"Logistical difficulties": Serbia's neighbors prevent Lavrov from flying to Belgrade

Before Russian Foreign Minister Lavrov meets Erdogan, he is supposed to exchange views with the political leadership in Belgrade.

"Logistical difficulties": Serbia's neighbors prevent Lavrov from flying to Belgrade

Before Russian Foreign Minister Lavrov meets Erdogan, he is supposed to exchange views with the political leadership in Belgrade. They had just extended gas deliveries from Moscow. According to the Russian report, nothing will come of it, since Bulgaria, North Macedonia and Montenegro do not want to release their airspace.

According to the Russian news agency Interfax, a visit by the Russian Foreign Minister Sergei Lavrov to Belgrade, which was planned for Monday, failed due to resistance from several of Serbia's neighboring countries. Bulgaria, North Macedonia and Montenegro have refused the Russian government plane a flight through their airspace, the state news agency quoted a high-ranking official at the Russian Foreign Ministry as saying.

Serbian Prime Minister Ana Brnabic had told the Pink TV channel that the situation surrounding Lavrov's visit was "extraordinarily complicated". She pointed to "logistical" difficulties, particularly with regard to overflight rights on the route of the Russian chief diplomat. Because of the Ukrainian war of aggression against Ukraine, the EU and other countries have closed their airspace to Russian aircraft.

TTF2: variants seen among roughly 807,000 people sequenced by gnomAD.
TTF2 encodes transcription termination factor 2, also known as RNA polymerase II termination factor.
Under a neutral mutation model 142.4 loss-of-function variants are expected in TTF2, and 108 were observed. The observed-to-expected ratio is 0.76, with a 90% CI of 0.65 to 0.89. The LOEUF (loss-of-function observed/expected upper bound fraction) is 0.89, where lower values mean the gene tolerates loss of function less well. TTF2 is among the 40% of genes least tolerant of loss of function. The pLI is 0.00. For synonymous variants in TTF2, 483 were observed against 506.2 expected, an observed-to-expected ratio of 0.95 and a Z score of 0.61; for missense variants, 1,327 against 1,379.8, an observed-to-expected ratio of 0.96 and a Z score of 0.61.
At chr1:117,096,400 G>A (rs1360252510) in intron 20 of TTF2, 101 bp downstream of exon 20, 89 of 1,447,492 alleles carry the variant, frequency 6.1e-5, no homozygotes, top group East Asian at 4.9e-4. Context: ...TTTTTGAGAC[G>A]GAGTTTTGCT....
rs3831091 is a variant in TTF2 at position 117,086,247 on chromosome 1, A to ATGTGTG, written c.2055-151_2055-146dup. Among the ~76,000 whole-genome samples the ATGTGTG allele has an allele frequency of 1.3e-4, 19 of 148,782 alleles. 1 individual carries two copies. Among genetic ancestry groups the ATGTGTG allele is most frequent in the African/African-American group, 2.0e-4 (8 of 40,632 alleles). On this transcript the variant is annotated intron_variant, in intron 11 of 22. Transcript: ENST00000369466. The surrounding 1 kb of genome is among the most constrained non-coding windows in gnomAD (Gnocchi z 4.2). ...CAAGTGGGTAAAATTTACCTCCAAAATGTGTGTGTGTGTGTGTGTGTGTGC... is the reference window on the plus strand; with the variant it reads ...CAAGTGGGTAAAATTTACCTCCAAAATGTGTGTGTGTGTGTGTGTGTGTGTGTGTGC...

According to the plans so far, Lavrov will meet President Aleksandar Vucic, Foreign Minister Nikola Selakovic and the Patriarch of the Serbian Orthodox Church, Porfirye, in Serbia before continuing to Turkey on Tuesday. Brnabic said Vucic held talks "with representatives of Russia, the US, Germany and the EU" in preparation for Lavrov's visit.

Serbia is applying for EU membership, but has traditionally maintained good relations with Russia. While the EU is heading towards a significant reduction in Russian energy supplies in response to the Ukraine war and recently agreed on a far-reaching oil embargo against Russia, Serbia continues to rely on close cooperation with Russia in this area. In May, Vucic agreed in a telephone call with Krem boss Vladimir Putin to extend Russian gas supplies by three years at low prices. It was "by far the best deal in Europe," the Serbian president said at the time.

Serbia is almost entirely dependent on Russian energy supplies and imports around six million cubic meters of gas from Russia every day. Moscow also owns a majority stake in the Serbian oil and gas company NIS. Serbia has condemned the Russian war of aggression against Ukraine. At the same time, however, Belgrade does not want to break with Moscow and refuses to join the EU sanctions against Russia.

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